Now, how does all this relate to art? In several critical ways...In brief, Bateson saw the function of art in any culture as providing a unique kind of information directly linked to its survival, in that it supplies the given culture with a sense of grace, and that the experience of, or attainment of grace is the critical motive for making and consuming art. McLuhan's thought impinges upon the same subject matter but derives from a wholly different take of the world. Although they were roughly contemporaries the origins of McLuhan's revolutionary ideas reside in the notions generated by the literary school known as the New Criticism, which emerges in the 30's with E.r. Levas, William Empson and I. A. Richards at Cambridge, where McLuhan was a student.

 

McLuhan referred to his ideas or propositions as probes, which released him from the usual restraints of logical or even rational development and exposition in articulating them. The jest of these ideas goes something like this: Cultures are governed and shaped by sensory ratios, usually the ratios extent between the visual and the auditory. He argues, for example, in the Guttenberg Galaxy, that western culture was predominantly auditory, being based in an essentially oral tradition up until the invention of moveable type and the widespread availability of the book as a means of communication and transmission of ideas...and that the oral tradition represented a certain kind of stability which was destroyed by the introduction of print...and that by extenstion the new visual culture ushered in an entirely different comprehension of the world. What was once heard was now seen, and this sensory ratio shift established its own kind of stability which prevailed up until the introduction of electronic media...which represents a shift back to the auditory and introduces a novel sort of instability and upheaval.

 

Beginning with the introduction of the light bulb, which McLuhan refers to as pure information, to thesubsequent entries of the radio, the phonograph, film and finally and most importantly television, which completes the transition to the electronic-oral age...while it diminished importance of print media and the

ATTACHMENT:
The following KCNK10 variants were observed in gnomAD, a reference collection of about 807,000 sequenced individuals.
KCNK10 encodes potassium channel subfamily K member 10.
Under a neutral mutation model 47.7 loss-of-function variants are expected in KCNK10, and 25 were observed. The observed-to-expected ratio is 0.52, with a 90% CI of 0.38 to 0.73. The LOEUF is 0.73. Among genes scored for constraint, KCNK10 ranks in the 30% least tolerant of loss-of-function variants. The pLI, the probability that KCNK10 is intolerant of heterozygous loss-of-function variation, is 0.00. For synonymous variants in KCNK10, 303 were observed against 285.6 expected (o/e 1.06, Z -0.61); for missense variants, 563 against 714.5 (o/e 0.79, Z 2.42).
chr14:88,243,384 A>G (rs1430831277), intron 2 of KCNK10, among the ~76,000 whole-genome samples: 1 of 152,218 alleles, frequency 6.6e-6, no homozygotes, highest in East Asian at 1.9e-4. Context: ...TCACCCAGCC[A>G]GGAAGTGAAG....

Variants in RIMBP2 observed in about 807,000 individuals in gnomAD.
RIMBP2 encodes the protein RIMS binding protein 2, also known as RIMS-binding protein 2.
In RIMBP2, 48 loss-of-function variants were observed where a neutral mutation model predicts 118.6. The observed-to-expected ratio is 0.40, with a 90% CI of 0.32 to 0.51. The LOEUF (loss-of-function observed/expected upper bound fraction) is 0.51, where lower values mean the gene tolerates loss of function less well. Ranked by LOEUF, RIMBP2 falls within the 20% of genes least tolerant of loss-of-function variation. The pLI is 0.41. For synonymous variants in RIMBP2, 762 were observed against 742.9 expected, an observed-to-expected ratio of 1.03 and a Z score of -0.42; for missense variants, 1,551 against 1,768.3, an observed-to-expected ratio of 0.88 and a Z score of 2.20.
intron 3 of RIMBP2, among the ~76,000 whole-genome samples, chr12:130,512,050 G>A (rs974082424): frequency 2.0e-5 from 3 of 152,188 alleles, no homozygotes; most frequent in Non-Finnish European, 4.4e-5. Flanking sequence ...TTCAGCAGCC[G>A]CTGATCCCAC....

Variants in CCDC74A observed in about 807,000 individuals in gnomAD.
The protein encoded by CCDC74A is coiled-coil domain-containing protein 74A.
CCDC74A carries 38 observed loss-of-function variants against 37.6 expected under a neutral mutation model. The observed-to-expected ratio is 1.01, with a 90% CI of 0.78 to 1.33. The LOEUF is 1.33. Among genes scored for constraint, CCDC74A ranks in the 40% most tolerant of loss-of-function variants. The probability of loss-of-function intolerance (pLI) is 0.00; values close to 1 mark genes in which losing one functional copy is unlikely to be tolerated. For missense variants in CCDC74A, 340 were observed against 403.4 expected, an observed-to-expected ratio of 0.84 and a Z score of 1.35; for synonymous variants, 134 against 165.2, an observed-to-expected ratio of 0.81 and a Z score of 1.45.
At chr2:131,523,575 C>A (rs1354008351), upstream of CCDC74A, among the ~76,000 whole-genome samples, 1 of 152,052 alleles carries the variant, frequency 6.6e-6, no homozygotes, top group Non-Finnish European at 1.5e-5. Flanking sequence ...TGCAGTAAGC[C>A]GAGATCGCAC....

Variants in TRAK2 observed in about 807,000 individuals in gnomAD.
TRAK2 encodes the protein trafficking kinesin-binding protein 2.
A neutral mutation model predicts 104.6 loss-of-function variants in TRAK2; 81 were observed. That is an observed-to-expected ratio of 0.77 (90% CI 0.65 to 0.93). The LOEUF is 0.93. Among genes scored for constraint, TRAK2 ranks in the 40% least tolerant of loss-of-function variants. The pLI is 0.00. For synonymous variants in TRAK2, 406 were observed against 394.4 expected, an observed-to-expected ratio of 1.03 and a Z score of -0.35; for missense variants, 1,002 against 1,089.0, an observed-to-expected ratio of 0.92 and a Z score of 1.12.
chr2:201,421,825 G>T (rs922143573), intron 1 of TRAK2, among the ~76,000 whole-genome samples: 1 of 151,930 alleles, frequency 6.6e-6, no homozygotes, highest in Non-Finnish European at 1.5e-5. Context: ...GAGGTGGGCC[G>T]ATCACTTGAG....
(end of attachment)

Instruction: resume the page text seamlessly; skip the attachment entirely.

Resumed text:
stability it sustained. Beyond TV, of course, unfolds the PC and all its extensions up to Virtual Reality systems, whose existence McLuhan predicted. That is, he foresaw, the gradual decentralization of such media to the extent that their general availability would become widespread, even ubiquitous; and that this developmental trend would granulate all the values inherent in print-based culture, and thereby introduce a new kind of barbarism — a Clockwork Orange-esque world of illiterate punks raging about with hi-tech menace.

 

As an antidote to this condition, McLuhan believed, perhaps optimistically, that art and artists should function as interceptors of the decentralizing media and turn them to explicitly aesthetic ends. What is so striking about McLuhan's prognostications is their paradoxical mix of foreboding and promise, of future gazing and nostalgia for the past.

 

Returning to McLuhan's foundational notion of sensory ratios, a pivot around which all else circulates, an ear was exchanged for an eye with the arrival of print. And the eye was then reexchanged for an ear with the electronic onslaught, but with this rather obvious difference: the new round of sensory imbalance is accompanied by a synesthesia, and is thus a more complex phenomena heretofore experienced by humanity. This time around the effects of the shift are global...turning the planet into a global village wherein the universal is local and the reverse...thus, the shift is asomtotic, relatively sudden and without precedent. There exist no prior models to prepare us for the changes to come.

 

 

Frank Gillette

 

Oct 1990 / NYC